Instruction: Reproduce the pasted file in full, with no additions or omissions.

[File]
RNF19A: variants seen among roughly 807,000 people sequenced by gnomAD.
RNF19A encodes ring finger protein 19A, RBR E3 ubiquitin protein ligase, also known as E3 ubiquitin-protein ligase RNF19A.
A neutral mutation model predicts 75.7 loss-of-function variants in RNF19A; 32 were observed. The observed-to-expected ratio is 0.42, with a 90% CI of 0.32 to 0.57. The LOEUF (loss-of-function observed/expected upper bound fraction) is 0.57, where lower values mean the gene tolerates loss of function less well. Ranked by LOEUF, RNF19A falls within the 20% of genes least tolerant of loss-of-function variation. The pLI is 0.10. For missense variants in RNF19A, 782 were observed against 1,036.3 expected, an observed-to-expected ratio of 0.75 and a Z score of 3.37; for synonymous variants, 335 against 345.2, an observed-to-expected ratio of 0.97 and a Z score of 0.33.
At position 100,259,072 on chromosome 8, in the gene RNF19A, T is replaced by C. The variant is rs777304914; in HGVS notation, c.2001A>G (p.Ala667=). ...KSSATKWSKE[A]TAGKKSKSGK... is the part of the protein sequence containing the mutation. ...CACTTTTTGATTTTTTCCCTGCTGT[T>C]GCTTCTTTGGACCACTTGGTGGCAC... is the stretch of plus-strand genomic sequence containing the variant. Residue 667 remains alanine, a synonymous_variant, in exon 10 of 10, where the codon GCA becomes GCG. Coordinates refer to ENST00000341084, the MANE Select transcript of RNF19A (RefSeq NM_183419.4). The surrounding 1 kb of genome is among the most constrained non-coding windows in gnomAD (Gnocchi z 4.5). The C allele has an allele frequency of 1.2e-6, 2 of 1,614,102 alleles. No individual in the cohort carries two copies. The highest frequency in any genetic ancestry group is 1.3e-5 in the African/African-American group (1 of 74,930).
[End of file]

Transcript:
RNF19A: variants seen among roughly 807,000 people sequenced by gnomAD.
RNF19A encodes ring finger protein 19A, RBR E3 ubiquitin protein ligase, also known as E3 ubiquitin-protein ligase RNF19A.
A neutral mutation model predicts 75.7 loss-of-function variants in RNF19A; 32 were observed. The observed-to-expected ratio is 0.42, with a 90% CI of 0.32 to 0.57. The LOEUF (loss-of-function observed/expected upper bound fraction) is 0.57, where lower values mean the gene tolerates loss of function less well. Ranked by LOEUF, RNF19A falls within the 20% of genes least tolerant of loss-of-function variation. The pLI is 0.10. For missense variants in RNF19A, 782 were observed against 1,036.3 expected, an observed-to-expected ratio of 0.75 and a Z score of 3.37; for synonymous variants, 335 against 345.2, an observed-to-expected ratio of 0.97 and a Z score of 0.33.
At position 100,259,072 on chromosome 8, in the gene RNF19A, T is replaced by C. The variant is rs777304914; in HGVS notation, c.2001A>G (p.Ala667=). ...KSSATKWSKE[A]TAGKKSKSGK... is the part of the protein sequence containing the mutation. ...CACTTTTTGATTTTTTCCCTGCTGT[T>C]GCTTCTTTGGACCACTTGGTGGCAC... is the stretch of plus-strand genomic sequence containing the variant. Residue 667 remains alanine, a synonymous_variant, in exon 10 of 10, where the codon GCA becomes GCG. Coordinates refer to ENST00000341084, the MANE Select transcript of RNF19A (RefSeq NM_183419.4). The surrounding 1 kb of genome is among the most constrained non-coding windows in gnomAD (Gnocchi z 4.5). The C allele has an allele frequency of 1.2e-6, 2 of 1,614,102 alleles. No individual in the cohort carries two copies. The highest frequency in any genetic ancestry group is 1.3e-5 in the African/African-American group (1 of 74,930).